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Yes Zeeb I think you are correct here. As far as the Foundation though we are equal opportunity all the way. We want to start programs. Two of the ones we sponsored are men and women. Two are men only. We will do women only. Every one we start moves the ball forward.

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I started a thread about the new NAIA program at Warner Pacific in Oregon. There have now been 100 new programs added in the last ten years at all levels. The enrollment angle is what is driving this. The numbers of 18 year olds is down and schools need kids. Mike Moyer sells this relentlessly. The actual numbers will vary from school to school but Old Dirty's formula is basically right. The only missing piece is there is very likely a systematic discount from the stated tuition that all schools offer with the amount of the discount dependent on a variety of factors. One Division III coach who I won't name recently told me that his administration was estimating that the wrestling program had added $1.9 million to the school. Now this is a pretty high end academic school with high tuition but the number was impressive. And they were willing to add another part time ass't because of it.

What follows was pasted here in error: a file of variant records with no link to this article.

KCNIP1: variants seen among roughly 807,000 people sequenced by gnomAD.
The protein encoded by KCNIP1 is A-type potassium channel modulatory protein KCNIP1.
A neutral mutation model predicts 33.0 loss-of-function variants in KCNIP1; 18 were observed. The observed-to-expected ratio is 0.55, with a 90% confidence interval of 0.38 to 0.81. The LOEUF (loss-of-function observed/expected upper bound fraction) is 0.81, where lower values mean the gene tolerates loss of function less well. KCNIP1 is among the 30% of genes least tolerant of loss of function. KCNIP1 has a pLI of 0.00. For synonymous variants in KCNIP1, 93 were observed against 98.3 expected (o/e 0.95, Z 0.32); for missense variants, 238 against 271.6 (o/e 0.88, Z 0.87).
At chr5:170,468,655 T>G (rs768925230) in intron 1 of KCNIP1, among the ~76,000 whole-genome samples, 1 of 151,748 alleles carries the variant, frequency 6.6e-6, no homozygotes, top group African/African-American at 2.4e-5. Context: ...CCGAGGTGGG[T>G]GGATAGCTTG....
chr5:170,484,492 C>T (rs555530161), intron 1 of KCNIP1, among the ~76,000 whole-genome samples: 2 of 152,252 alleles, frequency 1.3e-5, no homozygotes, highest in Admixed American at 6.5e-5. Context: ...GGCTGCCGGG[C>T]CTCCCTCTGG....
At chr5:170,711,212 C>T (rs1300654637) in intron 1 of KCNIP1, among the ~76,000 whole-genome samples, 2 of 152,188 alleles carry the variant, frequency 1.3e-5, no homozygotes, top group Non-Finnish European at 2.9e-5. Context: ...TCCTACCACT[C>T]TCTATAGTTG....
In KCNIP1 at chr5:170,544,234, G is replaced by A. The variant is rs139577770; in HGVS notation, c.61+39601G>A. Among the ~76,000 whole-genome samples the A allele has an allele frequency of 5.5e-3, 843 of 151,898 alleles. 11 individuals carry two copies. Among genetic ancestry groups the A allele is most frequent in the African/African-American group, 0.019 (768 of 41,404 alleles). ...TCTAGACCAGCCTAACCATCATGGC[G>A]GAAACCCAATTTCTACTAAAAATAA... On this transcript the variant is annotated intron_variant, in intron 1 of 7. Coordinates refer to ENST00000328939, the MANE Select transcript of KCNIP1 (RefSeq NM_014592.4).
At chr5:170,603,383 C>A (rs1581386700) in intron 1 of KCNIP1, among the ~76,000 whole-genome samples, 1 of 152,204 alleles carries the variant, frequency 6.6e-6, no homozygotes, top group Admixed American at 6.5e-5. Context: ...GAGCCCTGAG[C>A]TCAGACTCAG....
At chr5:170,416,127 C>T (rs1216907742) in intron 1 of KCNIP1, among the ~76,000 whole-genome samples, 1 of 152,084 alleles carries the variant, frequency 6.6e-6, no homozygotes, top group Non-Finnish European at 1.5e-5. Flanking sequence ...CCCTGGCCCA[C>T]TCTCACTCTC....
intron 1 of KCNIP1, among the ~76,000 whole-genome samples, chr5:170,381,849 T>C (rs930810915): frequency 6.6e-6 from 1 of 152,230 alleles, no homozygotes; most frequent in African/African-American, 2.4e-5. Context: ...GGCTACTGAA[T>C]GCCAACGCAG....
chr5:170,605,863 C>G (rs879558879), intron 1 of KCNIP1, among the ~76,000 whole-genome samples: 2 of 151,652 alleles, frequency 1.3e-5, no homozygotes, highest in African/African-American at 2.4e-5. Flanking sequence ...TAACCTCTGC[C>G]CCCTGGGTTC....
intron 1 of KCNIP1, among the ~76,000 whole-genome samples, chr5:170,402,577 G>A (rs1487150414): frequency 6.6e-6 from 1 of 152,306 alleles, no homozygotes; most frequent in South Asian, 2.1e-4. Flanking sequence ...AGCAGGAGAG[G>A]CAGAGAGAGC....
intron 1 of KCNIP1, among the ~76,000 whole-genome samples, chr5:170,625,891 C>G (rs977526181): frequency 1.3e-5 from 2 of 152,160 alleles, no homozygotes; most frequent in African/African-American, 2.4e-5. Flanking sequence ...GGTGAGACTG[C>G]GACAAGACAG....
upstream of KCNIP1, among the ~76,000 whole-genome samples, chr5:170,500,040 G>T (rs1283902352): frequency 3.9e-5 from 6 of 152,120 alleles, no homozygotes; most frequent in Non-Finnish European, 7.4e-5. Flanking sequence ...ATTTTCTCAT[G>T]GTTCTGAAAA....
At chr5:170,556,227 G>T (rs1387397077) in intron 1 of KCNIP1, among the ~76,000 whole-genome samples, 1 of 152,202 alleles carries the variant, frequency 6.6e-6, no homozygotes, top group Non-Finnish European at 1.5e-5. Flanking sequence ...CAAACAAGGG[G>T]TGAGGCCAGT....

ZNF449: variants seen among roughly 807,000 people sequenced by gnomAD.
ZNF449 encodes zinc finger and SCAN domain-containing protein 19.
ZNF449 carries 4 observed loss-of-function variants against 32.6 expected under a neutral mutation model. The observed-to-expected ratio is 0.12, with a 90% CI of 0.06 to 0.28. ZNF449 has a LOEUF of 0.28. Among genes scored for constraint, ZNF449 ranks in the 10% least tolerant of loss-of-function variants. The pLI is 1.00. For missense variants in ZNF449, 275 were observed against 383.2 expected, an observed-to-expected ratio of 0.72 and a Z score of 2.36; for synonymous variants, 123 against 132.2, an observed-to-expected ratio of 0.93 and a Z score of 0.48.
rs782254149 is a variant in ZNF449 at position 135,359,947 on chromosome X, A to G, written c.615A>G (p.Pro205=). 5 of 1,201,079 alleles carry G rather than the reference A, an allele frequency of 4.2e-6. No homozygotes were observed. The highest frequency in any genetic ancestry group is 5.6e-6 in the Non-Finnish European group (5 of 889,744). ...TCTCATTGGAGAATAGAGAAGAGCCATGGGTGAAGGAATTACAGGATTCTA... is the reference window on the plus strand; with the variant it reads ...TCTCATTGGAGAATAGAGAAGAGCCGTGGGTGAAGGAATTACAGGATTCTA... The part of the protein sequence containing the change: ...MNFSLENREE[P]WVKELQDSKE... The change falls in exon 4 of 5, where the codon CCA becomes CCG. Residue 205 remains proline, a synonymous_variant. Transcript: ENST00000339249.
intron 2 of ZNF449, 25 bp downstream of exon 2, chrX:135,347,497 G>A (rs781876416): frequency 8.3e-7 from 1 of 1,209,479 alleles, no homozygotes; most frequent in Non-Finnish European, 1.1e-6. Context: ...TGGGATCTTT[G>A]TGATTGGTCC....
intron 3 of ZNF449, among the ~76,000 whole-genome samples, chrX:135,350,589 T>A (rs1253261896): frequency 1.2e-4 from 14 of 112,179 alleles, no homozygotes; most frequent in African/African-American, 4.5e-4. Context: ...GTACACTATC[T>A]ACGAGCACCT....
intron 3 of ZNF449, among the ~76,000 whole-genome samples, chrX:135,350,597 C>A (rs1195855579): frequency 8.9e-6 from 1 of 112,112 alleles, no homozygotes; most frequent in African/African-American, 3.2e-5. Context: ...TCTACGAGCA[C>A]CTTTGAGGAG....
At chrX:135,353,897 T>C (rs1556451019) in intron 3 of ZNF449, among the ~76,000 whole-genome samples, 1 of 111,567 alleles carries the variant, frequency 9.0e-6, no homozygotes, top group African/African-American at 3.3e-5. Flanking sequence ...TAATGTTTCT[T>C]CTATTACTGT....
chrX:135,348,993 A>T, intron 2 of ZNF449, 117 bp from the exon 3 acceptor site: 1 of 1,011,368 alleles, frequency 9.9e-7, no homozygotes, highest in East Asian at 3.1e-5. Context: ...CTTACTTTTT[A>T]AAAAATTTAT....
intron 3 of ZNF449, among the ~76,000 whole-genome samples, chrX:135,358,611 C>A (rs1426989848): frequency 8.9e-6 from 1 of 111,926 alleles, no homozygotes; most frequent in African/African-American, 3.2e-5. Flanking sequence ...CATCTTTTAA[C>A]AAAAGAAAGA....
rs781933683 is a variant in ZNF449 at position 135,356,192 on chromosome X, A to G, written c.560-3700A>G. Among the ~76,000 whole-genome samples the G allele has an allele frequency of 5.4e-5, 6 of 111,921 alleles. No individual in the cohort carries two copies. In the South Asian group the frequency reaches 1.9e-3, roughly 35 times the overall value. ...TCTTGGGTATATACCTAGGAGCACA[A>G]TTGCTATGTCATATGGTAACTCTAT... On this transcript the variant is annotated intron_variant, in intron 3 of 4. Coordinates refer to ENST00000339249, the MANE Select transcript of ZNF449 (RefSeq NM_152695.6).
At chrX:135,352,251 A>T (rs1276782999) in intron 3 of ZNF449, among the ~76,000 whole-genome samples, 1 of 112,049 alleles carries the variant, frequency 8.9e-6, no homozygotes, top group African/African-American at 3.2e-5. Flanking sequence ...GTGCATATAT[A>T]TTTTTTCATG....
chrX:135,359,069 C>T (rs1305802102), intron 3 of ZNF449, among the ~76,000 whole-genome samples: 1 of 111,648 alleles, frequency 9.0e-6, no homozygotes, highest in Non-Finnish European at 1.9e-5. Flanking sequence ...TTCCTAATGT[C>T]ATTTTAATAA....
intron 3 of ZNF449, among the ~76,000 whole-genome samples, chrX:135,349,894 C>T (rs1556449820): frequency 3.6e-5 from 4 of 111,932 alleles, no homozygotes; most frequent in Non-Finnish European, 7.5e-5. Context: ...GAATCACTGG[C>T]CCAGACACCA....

Any "high end" academic school would have no problem filling the spots taken by the wrestling program through general admittance. Wrestling is an asset to some NAIA schools because they have trouble recruiting students.